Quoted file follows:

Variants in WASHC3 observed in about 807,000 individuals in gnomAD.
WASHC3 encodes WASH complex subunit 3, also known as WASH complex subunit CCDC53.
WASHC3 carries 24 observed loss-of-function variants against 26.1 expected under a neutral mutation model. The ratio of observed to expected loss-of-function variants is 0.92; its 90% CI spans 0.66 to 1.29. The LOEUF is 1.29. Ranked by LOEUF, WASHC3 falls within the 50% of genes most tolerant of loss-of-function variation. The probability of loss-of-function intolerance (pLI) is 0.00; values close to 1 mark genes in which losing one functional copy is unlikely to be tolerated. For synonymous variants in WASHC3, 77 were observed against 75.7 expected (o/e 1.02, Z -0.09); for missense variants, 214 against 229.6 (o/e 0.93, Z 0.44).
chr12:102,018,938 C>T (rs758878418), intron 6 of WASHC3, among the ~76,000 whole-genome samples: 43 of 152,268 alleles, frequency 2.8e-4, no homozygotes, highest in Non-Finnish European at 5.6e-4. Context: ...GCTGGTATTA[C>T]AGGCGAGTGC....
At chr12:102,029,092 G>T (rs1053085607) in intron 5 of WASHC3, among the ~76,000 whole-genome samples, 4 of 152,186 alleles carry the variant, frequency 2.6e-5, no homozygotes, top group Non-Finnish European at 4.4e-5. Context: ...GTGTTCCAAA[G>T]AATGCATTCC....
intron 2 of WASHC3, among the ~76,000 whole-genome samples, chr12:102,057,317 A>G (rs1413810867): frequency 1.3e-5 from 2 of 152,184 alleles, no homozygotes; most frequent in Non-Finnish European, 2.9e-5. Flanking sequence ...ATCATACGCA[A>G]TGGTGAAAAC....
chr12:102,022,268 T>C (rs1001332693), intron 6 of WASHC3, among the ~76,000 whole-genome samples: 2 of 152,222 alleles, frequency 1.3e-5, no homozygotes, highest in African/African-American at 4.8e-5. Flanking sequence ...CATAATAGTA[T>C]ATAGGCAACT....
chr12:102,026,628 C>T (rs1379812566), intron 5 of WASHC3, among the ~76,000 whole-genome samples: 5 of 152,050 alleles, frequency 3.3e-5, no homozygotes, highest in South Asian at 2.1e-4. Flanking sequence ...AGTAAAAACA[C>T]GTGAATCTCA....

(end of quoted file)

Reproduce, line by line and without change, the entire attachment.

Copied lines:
Variants in WASHC3 observed in about 807,000 individuals in gnomAD.
WASHC3 encodes WASH complex subunit 3, also known as WASH complex subunit CCDC53.
WASHC3 carries 24 observed loss-of-function variants against 26.1 expected under a neutral mutation model. The ratio of observed to expected loss-of-function variants is 0.92; its 90% CI spans 0.66 to 1.29. The LOEUF is 1.29. Ranked by LOEUF, WASHC3 falls within the 50% of genes most tolerant of loss-of-function variation. The probability of loss-of-function intolerance (pLI) is 0.00; values close to 1 mark genes in which losing one functional copy is unlikely to be tolerated. For synonymous variants in WASHC3, 77 were observed against 75.7 expected (o/e 1.02, Z -0.09); for missense variants, 214 against 229.6 (o/e 0.93, Z 0.44).
chr12:102,018,938 C>T (rs758878418), intron 6 of WASHC3, among the ~76,000 whole-genome samples: 43 of 152,268 alleles, frequency 2.8e-4, no homozygotes, highest in Non-Finnish European at 5.6e-4. Context: ...GCTGGTATTA[C>T]AGGCGAGTGC....
At chr12:102,029,092 G>T (rs1053085607) in intron 5 of WASHC3, among the ~76,000 whole-genome samples, 4 of 152,186 alleles carry the variant, frequency 2.6e-5, no homozygotes, top group Non-Finnish European at 4.4e-5. Context: ...GTGTTCCAAA[G>T]AATGCATTCC....
intron 2 of WASHC3, among the ~76,000 whole-genome samples, chr12:102,057,317 A>G (rs1413810867): frequency 1.3e-5 from 2 of 152,184 alleles, no homozygotes; most frequent in Non-Finnish European, 2.9e-5. Flanking sequence ...ATCATACGCA[A>G]TGGTGAAAAC....
chr12:102,022,268 T>C (rs1001332693), intron 6 of WASHC3, among the ~76,000 whole-genome samples: 2 of 152,222 alleles, frequency 1.3e-5, no homozygotes, highest in African/African-American at 4.8e-5. Flanking sequence ...CATAATAGTA[T>C]ATAGGCAACT....
chr12:102,026,628 C>T (rs1379812566), intron 5 of WASHC3, among the ~76,000 whole-genome samples: 5 of 152,050 alleles, frequency 3.3e-5, no homozygotes, highest in South Asian at 2.1e-4. Flanking sequence ...AGTAAAAACA[C>T]GTGAATCTCA....